In July, we sat down with the folks at Digipath, Inc. when they received their testing license in Nevada for the adult use market. In that conversation, they mentioned they were looking to expand into California.
According to a press release published September 25th, DigiPath, Inc. has entered a joint venture to establish their first cannabis-testing lab in California. They will be working with Don Ashley, an experienced real estate developer and cannabis entrepreneur, to launch Humboldt Botanical, LLC, conducting business under the name “Digipath Botanical Testing”.
Ashley says they expect to be fully operational by Q1 of 2018. “We expect to break ground on this project in the next few weeks and hope to be operational in early Q1 2018 just after the state-wide adult-use market is expected to launch, as we have already obtained approval from the local planning authorities for the entire complex,” says Ashley.
Todd Denkin, president of Digipath, is optimistic for California’s market and the coming regulations. “The state of California is estimated to be the single largest cannabis market in the U.S. Adult-use cannabis legislation was approved by California residents last November, and we expect these new regulations to be implemented in 2018,” says Denkin. “The good news for the industry is that the requirements for cannabis testing will be significant, and we are excited to partner with Don and his team to pursue this opportunity in Humboldt County.”
Ashley is contributing roughly $2 million to build and equip the lab with instrumentation, while Digipath Labs will manage and supervise operations at the lab. According to the press release, Digipath will provide a non-exclusive license to use its intellectual property for the operation of the lab. Digipath Labs will retain rights over all the scientific data generated in the lab.
According to Cindy Orser, PhD., chief science officer at Digipath, that data will be put to good use. “Digipath Labs has developed an algorithm for use in strain authentication based largely on terpene profiling from our testing lab in Nevada and we are eager to further test our hypothesis with an expanded dataset from cannabis grown in Northern California,” says Orser.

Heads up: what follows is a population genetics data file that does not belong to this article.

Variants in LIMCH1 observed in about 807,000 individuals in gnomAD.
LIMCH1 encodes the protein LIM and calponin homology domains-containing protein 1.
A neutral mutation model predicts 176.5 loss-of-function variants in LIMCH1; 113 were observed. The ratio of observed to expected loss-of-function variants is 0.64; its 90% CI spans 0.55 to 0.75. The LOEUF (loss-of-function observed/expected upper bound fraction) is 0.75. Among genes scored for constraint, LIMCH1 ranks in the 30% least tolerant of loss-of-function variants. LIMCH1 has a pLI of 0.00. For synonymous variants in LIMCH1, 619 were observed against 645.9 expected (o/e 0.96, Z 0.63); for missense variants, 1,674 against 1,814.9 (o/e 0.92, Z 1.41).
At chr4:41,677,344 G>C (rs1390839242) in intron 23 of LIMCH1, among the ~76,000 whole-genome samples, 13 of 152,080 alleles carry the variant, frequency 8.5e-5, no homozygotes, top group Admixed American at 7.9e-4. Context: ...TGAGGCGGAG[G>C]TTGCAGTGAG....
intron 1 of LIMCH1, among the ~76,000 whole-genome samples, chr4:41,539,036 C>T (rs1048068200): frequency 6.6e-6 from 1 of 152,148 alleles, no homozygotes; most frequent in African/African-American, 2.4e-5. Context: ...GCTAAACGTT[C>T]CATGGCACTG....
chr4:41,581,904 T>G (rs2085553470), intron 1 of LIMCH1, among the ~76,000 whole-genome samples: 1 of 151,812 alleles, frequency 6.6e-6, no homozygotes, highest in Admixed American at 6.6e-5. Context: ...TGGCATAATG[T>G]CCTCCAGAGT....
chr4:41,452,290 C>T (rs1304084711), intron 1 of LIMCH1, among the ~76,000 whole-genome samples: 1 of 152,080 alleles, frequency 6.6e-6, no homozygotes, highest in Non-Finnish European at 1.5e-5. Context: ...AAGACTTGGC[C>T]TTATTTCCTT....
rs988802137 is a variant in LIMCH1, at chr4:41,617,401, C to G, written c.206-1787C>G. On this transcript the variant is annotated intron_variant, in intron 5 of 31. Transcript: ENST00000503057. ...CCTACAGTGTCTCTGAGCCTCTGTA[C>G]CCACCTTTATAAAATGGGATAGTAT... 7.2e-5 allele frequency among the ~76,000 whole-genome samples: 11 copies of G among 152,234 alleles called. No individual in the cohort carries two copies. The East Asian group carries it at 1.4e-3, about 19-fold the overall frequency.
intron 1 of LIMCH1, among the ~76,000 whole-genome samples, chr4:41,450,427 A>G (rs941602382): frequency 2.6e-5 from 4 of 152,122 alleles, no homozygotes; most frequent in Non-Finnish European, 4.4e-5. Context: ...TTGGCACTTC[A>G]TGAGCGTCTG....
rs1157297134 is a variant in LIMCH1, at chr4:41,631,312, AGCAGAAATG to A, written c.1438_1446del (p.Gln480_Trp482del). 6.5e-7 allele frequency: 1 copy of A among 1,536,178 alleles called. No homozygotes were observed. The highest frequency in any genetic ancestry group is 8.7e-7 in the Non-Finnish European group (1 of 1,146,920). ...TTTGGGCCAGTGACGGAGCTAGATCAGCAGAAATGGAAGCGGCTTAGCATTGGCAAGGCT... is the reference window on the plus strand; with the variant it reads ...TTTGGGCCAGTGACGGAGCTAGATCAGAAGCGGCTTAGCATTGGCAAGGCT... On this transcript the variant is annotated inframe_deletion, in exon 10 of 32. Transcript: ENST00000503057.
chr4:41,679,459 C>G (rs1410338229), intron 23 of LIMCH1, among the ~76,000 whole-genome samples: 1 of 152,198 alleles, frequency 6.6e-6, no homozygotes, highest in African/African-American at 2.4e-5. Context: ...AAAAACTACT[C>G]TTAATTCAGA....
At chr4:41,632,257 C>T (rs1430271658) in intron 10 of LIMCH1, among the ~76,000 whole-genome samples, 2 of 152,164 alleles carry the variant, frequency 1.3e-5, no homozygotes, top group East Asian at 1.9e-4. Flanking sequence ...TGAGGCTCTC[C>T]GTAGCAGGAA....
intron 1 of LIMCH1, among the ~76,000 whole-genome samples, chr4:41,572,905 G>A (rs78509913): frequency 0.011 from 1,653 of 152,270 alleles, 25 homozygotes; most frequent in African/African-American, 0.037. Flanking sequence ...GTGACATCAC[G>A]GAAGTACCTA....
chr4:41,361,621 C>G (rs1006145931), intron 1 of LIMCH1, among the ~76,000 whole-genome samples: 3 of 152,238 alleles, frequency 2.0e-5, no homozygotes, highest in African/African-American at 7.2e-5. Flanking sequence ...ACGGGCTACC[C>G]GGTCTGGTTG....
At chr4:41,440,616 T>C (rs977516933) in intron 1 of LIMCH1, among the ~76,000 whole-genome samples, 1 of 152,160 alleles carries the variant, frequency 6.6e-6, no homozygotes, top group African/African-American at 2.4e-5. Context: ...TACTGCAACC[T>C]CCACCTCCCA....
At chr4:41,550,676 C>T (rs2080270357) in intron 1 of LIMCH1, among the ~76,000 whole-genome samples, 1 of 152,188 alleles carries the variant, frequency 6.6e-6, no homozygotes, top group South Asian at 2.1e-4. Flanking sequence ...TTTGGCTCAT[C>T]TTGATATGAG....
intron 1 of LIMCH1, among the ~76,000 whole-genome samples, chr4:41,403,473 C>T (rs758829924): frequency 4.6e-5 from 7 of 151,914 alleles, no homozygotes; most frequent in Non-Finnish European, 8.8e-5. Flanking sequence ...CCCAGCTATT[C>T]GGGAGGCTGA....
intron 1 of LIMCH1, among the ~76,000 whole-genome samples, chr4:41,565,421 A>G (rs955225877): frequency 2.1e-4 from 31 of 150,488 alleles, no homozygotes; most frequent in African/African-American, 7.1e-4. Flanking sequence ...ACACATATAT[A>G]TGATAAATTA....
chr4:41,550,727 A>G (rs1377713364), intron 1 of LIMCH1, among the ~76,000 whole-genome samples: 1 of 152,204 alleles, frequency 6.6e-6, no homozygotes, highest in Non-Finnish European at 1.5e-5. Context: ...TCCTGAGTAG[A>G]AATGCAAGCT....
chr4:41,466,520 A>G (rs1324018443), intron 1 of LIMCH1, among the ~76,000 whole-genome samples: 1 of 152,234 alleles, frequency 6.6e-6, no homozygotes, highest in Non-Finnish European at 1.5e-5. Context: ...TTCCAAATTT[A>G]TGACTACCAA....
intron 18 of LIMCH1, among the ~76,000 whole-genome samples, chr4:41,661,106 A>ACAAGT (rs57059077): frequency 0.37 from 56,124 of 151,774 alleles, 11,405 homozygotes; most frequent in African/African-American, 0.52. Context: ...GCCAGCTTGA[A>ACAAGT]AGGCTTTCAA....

While testing labs are primarily seen as safeguards for public health and safety, using data to correctly identify strains is a relatively new concept. “Digipath Labs is all about public health and safety through testing for adulterants,” says Orser. “Another component to quality is having confidence in product authenticity at the dispensary level. Not only is the consumer buying quality assured products but truth in advertising when it comes to strain nomenclature.”
Denkin says they were proactive in working toward getting the license early on. “Our partners have been dealing with the local regulators while we have been providing the proper SOP’s for the local government in order to receive the proper licensure in the area,” says Denkin. Taking their experience from Nevada to California, Orser says they have been asked to present to the California Toxicology Association on their experience with cannabis testing in the highly regulated marketplace of Nevada.
The laboratory in Humboldt is going to be part of a “cannabis industrial park,” alongside an R&D facility, oils/concentrate manufacturing center, health and wellness center, distribution and processing facility, tissue culture nursery, hemp clothing outlet, and coffee bistro, according to the press release.
Looking forward to growing their business, Denkin says they hope to launch a lab in Southern California. “We do expect to have a larger footprint in California because of the size of the market and are looking for locations in Southern California as well,” says Denkin. When asked about any new plans to expand elsewhere, Denkin says they’ll let us know. “We are continuing with our business plan and actively seeking the right mergers and acquisitions. Stay tuned.”
Almost as soon as cannabis became recreationally legal, the public started to ask questions about the safety of products being offered by dispensaries – especially in terms of pesticide contamination. As we can see from the multiple recalls of product there is a big problem with pesticides in cannabis that could pose a danger to consumers. While The Nerd Perspective is grounded firmly in science and fact, the purpose of this column is to share my insights into the cannabis industry based on my years of experience with multiple regulated industries with the goal of helping the cannabis industry mature using lessons learned from other established markets. In this article, we’ll take a look at some unique challenges facing cannabis testing labs, what they’re doing to respond to the challenges, and how that can affect the cannabis industry as a whole.
The Big Challenge